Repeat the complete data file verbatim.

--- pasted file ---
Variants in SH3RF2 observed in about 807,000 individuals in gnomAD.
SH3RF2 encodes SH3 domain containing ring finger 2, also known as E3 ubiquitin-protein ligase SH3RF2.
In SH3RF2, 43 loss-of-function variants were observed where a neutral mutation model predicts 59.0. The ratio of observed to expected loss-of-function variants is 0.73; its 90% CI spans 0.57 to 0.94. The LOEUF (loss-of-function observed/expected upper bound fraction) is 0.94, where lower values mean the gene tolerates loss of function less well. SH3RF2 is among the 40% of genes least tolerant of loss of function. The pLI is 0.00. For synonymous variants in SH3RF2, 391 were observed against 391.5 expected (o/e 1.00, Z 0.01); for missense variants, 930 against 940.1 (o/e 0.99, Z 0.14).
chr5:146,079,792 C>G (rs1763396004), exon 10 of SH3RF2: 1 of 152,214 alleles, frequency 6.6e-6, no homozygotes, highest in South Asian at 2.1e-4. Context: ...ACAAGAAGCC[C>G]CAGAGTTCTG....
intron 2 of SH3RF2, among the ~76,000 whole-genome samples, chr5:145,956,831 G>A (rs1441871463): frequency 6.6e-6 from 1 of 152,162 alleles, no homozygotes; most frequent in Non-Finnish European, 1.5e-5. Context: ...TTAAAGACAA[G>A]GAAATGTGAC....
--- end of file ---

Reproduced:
Variants in SH3RF2 observed in about 807,000 individuals in gnomAD.
SH3RF2 encodes SH3 domain containing ring finger 2, also known as E3 ubiquitin-protein ligase SH3RF2.
In SH3RF2, 43 loss-of-function variants were observed where a neutral mutation model predicts 59.0. The ratio of observed to expected loss-of-function variants is 0.73; its 90% CI spans 0.57 to 0.94. The LOEUF (loss-of-function observed/expected upper bound fraction) is 0.94, where lower values mean the gene tolerates loss of function less well. SH3RF2 is among the 40% of genes least tolerant of loss of function. The pLI is 0.00. For synonymous variants in SH3RF2, 391 were observed against 391.5 expected (o/e 1.00, Z 0.01); for missense variants, 930 against 940.1 (o/e 0.99, Z 0.14).
chr5:146,079,792 C>G (rs1763396004), exon 10 of SH3RF2: 1 of 152,214 alleles, frequency 6.6e-6, no homozygotes, highest in South Asian at 2.1e-4. Context: ...ACAAGAAGCC[C>G]CAGAGTTCTG....
intron 2 of SH3RF2, among the ~76,000 whole-genome samples, chr5:145,956,831 G>A (rs1441871463): frequency 6.6e-6 from 1 of 152,162 alleles, no homozygotes; most frequent in Non-Finnish European, 1.5e-5. Context: ...TTAAAGACAA[G>A]GAAATGTGAC....